When is the last time you asked a friend, family member or client, “How are you really?” Around 1 in 5 adults in the United States experiences mental illness each year, and to recognize National Mental Health Awareness Month, philosophy hosted a luncheon at Fig and Olive in West Hollywood to help raise awareness. Although things have come a long way, there is still stigma surrounding mental health issues such as depression. The Hope and Grace Initiative invites us to help eliminate this stigma by bringing up the topic even though it may be uncomfortable at first.
At the luncheon, guest speakers including beauty expert Dawn McCoy shared personal stories about their own experiences with mental illness and how opening up the conversation has made a difference in their lives and the lives of others. Celebrity speaker, Robin Willliams' daughter and actress, Zelda Williams also urged guests to open up an honest and supportive conversation. Asking “How are you?” often is exchanged with no meaning and this simple question could be much more impactful if we really took the moment to check in with others. Zelda poignantly pointed this out in her speech:
How many times a day do you get to the counter to order your coffee or pass a coworker in the hall and hear ‘How are you?’, and before that can even sink in, how quickly do you usually respond with ‘I’m fine. You?’. It’s sweet, polite, perfunctory. An innocuous exchange that these days, is usually given as much care or actual curiosity as ‘hows the weather?’. We often respond without thinking, whether we’re fine or not, because it’s expected. And stranger still, we often ask without actually being curious how the other person is at all, just waiting for some version of ‘Ok, good, fine!’ before moving on. Because we’re busy. And because we assume. Because, speaking from experience, it’s more than just a greeting. As someone who always prided herself on being the strong one who took care of others, there were a lot of people in my life who didn’t know how to check if I was ok when my world turned upside down. We all have to take it day by day, but asking at all, instead of assuming, is a great first step.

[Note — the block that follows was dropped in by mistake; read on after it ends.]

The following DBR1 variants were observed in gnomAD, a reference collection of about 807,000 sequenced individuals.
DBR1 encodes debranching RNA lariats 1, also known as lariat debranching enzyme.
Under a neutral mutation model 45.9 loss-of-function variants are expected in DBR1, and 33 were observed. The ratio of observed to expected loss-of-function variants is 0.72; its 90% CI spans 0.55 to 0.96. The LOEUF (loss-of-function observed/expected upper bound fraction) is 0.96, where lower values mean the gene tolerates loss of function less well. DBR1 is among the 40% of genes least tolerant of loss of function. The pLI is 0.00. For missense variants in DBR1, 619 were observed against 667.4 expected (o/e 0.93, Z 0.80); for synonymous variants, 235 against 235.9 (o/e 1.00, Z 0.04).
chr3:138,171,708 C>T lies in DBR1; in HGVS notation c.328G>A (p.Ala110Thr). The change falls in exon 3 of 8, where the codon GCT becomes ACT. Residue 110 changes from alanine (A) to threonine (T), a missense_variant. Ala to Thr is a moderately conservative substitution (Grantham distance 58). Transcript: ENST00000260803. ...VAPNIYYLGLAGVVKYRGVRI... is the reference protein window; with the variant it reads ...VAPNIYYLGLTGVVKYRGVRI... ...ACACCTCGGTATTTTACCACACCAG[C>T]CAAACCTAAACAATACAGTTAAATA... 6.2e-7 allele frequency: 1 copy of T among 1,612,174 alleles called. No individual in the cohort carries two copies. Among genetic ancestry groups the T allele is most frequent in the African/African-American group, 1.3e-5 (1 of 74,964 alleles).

I was lucky enough to sit at Zelda’s table along with some of her friends including Rumer Willis and Katrina Bowden. The entire table was engaging and enthusiastic in their support of the cause. In an age where celebrity influencers are endorsing products that they don’t actually care about (think Fyre Festival and protein powders), it was meaningful to see these women taking action. They are using their influence in a positive way to open up an important, but often difficult dialogue.
At the beginning of the event, I had the chance to speak with philosophy’s Tifffani Carter who got me up to speed with the details about the Hope and Grace initiative. “We started the Hope and Grace initiative about three and a half years ago to help women with serious issues concerning their mental well-being. We also wanted to create a program that was embedded into the DNA of our brand, so we donate 1% off all U.S. net proceeds to our Hope and Grace fund and we grant money to organizations across the country all year round,” Tiffani explained. Tiffani also pointed out that the organizations philosophy works with are extremely grass roots and are all about servicing their communities. Philosophy has given three million dollars to these non-profits. NAMI (National Alliance on Mental Illness), one of the organizations that philosophy supports, is a great resource for people who might need help. Contact NAMI's hotline at 800-950-6264.
As beauty professionals, we are in a unique position to really make a difference in clients’ lives. To quote a favorite Gibs t-shirt, a hairstylist is a “part-time psychiatrist, sage, minister and magician…They shape sideburns and attitudes. They tame cowlicks and instill confidence…”
You have the power to make a difference just by asking a simple question and truly listening. In the age of social media, it’s easy to compare ourselves to others or become self-absorbed. But no matter how exciting and perfect someone’s life looks on Facebook or Instagram, you never know what they are really going through. Taking the time to have a real heartfelt conversation and let someone open up is one way to take the first step.
Visit nami.org to donate to the cause and for more mental health resources.